The Persistence of Memory is a 1931 painting by artist Salvador Dali, and is one of his most recognizable works.
The well-known surrealist piece introduced the image of the soft melting pocket watch. It epitomizes Dalí’s theory of “softness” and “hardness“, which was central to his thinking at the time.
The Persistence of Memory is one of Dali’s biggest triumphs, but the actual oil on canvas painting measures only 24 cm x 33 cm (9 1/2” x 13″).
This painting made Dali world famous when he was 28 years old.
After its gallery show, a patron bought the piece and donated it to the Museum of Modern Art in 1934. It’s been a highlight of MoMA’s collection for 80 years and counting.
The Persistence of Memory has sparked considerable academic debate as scholars interpret the painting. Some critics believe the melting watches in the piece are a response to Albert Einstein’s Theory of Relativity. As critic Dawn Ades put it, “the soft watches are an unconscious symbol of the relativity of space and time.”
When asked directly if Einstein’s Theory of Relativity was an inspiration, Dali declared his true muse for the deformed clocks was a wheel of Camembert cheese that had melted in the sun. As Dali considered himself and his persona an extension of his work, the seriousness of this response is also up for debate.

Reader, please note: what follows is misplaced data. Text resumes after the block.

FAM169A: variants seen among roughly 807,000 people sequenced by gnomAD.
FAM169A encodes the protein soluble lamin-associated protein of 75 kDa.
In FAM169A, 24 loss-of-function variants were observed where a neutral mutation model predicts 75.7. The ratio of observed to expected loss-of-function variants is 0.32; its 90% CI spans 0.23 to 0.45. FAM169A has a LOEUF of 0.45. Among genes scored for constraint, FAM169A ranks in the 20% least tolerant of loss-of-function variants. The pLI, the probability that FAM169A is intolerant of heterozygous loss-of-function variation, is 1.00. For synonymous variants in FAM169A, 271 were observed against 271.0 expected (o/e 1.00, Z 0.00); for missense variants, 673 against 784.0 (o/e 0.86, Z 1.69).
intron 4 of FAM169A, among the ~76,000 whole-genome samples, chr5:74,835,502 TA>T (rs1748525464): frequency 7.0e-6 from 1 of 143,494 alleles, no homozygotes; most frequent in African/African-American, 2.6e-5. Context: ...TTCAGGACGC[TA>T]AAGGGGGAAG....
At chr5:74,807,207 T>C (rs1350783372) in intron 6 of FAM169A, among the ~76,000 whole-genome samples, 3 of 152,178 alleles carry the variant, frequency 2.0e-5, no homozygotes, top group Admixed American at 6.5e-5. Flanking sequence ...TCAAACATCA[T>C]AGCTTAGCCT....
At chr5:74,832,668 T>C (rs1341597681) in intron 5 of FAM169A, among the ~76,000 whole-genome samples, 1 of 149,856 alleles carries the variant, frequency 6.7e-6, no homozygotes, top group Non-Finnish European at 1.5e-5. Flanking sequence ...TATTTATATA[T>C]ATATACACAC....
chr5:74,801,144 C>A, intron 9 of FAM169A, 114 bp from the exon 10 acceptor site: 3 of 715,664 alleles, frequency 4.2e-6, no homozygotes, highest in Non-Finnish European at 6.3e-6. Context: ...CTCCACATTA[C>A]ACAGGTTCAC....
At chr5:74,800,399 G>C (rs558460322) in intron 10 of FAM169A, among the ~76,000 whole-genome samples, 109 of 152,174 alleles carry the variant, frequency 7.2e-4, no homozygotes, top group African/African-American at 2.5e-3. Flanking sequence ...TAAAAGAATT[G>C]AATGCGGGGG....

It is possible to recognize a human figure in the middle of the composition, in the strange “monster” that Dali used in several contemporary pieces to represent himself – the abstract form becoming something of a self-portrait, reappearing frequently in his work.
The figure can be read as a “fading” creature, one that often appears in dreams where the dreamer cannot pinpoint the creature’s exact form and composition. One can observe that the creature has one closed eye with several eyelashes, suggesting that the creature is also in a dream state.
The iconography may refer to a dream that Dali himself had experienced, and the clocks may symbolize the passing of time as one experiences it in sleep or the persistence of time in the eyes of the dreamer.
The orange clock at the bottom left of the painting is covered in ants. Dali often used ants in his paintings as a symbol of decay.